German fund managers say they remain committed to UK real estate, despite the outcome of yesterday’s referendum on EU membership.
Hamburg-headquartered Union Investment, which owns eight property assets in the UK, will be “recalibrating its strategy”, managing director Martin Brühl told IPE Real Estate.
“We are not happy with the outcome, but we will have to carry on because we are in the business of investing core money,” said Brühl, who heads up international investment for the €31bn real estate fund manager.
“We like the UK. we are absolutely certain the UK won’t go away as a safe-haven market in the mid-to-long term.”
But uncertainty caused by a complicated – and possibly protracted – exit from the EU will require Union to “look at the way we price assets and the way we price risk”, he said.
PATRIZIA Immobilien, which has been expanding its business across Europe in recent years, is unlikely to reverse its activity in the UK.
According to executive director Marcus Cieleback, the Augsburg-headquarted company which moved into the UK in 2013 with the acquisition of Tamar Capital, remains committed to investing in the country’s housing market, for instance.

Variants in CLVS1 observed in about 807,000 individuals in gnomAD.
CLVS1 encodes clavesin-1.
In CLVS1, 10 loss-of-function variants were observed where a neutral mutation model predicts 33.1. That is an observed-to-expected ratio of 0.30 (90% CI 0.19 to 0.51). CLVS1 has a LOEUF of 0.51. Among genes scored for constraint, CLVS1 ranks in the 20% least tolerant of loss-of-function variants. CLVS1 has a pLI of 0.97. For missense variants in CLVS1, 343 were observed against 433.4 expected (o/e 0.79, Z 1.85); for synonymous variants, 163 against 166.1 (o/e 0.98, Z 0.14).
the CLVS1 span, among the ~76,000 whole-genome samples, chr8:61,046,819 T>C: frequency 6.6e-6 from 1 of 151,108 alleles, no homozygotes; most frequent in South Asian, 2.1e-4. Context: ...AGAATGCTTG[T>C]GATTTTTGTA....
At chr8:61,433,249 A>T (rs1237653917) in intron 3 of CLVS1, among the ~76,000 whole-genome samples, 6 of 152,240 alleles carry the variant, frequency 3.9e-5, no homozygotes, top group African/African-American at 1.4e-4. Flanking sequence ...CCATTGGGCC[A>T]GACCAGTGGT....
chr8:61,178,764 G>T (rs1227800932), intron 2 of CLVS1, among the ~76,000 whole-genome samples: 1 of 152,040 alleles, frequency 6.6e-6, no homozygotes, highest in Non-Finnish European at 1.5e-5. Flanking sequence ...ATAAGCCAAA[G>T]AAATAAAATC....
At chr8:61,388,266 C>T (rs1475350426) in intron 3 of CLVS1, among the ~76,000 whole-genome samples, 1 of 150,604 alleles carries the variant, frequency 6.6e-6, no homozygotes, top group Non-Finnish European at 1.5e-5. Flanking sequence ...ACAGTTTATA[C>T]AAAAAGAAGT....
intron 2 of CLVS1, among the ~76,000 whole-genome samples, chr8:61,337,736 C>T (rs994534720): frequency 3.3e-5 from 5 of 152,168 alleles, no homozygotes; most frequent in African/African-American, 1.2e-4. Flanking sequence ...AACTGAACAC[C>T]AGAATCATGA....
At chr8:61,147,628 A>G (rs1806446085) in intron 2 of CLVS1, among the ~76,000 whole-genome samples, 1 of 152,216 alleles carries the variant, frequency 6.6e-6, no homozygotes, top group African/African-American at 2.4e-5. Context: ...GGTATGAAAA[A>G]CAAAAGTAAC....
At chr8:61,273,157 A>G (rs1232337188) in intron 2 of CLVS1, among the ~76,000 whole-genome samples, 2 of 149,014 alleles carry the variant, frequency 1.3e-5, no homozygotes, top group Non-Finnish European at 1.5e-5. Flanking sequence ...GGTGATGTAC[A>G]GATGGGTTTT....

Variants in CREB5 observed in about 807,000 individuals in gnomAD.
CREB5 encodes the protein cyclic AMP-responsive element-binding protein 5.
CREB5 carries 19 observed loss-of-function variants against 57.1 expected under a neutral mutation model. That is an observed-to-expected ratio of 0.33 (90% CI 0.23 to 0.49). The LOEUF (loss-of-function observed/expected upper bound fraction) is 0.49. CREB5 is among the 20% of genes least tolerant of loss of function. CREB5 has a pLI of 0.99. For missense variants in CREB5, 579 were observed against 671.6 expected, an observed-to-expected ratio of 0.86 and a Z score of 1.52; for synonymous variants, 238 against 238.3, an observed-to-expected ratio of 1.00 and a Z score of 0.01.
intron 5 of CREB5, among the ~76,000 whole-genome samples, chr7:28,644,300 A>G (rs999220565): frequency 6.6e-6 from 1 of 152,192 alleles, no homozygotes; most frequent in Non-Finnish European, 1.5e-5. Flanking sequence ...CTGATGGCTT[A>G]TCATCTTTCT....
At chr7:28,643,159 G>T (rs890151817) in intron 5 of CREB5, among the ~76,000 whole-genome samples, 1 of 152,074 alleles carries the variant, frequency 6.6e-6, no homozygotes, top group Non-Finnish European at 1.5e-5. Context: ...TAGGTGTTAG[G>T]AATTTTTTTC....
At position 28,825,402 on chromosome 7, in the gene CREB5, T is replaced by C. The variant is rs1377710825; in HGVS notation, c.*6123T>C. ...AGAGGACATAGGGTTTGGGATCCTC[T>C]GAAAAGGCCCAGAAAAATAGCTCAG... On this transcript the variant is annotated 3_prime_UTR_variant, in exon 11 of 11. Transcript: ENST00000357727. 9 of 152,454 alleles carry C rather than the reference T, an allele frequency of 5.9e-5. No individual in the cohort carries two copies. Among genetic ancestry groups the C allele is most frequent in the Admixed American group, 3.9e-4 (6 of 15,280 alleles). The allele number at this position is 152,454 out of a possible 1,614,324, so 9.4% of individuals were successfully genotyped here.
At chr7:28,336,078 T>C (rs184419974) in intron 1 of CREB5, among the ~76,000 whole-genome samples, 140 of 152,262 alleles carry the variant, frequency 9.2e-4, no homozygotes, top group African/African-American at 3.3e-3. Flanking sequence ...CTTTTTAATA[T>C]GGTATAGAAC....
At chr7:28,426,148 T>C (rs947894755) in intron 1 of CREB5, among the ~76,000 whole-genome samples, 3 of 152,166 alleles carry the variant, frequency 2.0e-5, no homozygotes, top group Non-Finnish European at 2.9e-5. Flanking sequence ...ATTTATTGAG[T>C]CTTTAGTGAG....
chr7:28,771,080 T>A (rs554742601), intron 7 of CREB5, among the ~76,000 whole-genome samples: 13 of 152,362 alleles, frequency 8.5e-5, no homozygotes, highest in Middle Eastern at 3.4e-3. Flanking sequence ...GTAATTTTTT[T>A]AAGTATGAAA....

Last week, Patrizia bought a 28-tower in London with a view to building private-rented accommodation, and Cieleback, who heads up Patrizia’s research department, said the company “still believes” in the UK PRS story.
“If you think the fundamental imbalance between supply and demand has not changed, then why change,” he said.
Both Cieleback and Brühl believe it is business as normal for core UK assets with strong tenants – “a solid West End office building is still a solid West End office building,” Cieleback said – but the situation looks less favourable riskier, secondary assets and for speculative office development in the City of London.
Brühl said Union’s UK portfolio had an occupancy level of 99.2% and the company was not concerned about its existing holdings.
But he said there would a two-tier market, separating well-leased core assets and and “more risk-prone” assets.
US-headquarted CBRE Global Investors, meanwhile, has warned investors about “taking a short-termist view and precipitating any negative market reactions”.
Andrew Angeli, head of UK research, said: ”Over the coming days and weeks, we do not recommend fundamentally altering portfolio strategy. Be patient, monitor the evolution of financial markets and seek counsel from a host of reliable sources.
“We continue to take the view that the UK will remain business friendly and among the world’s most attractive environments for foreign investors. Property will still benefit from market transparency, liquidity, rule of law and favourable lease structures.”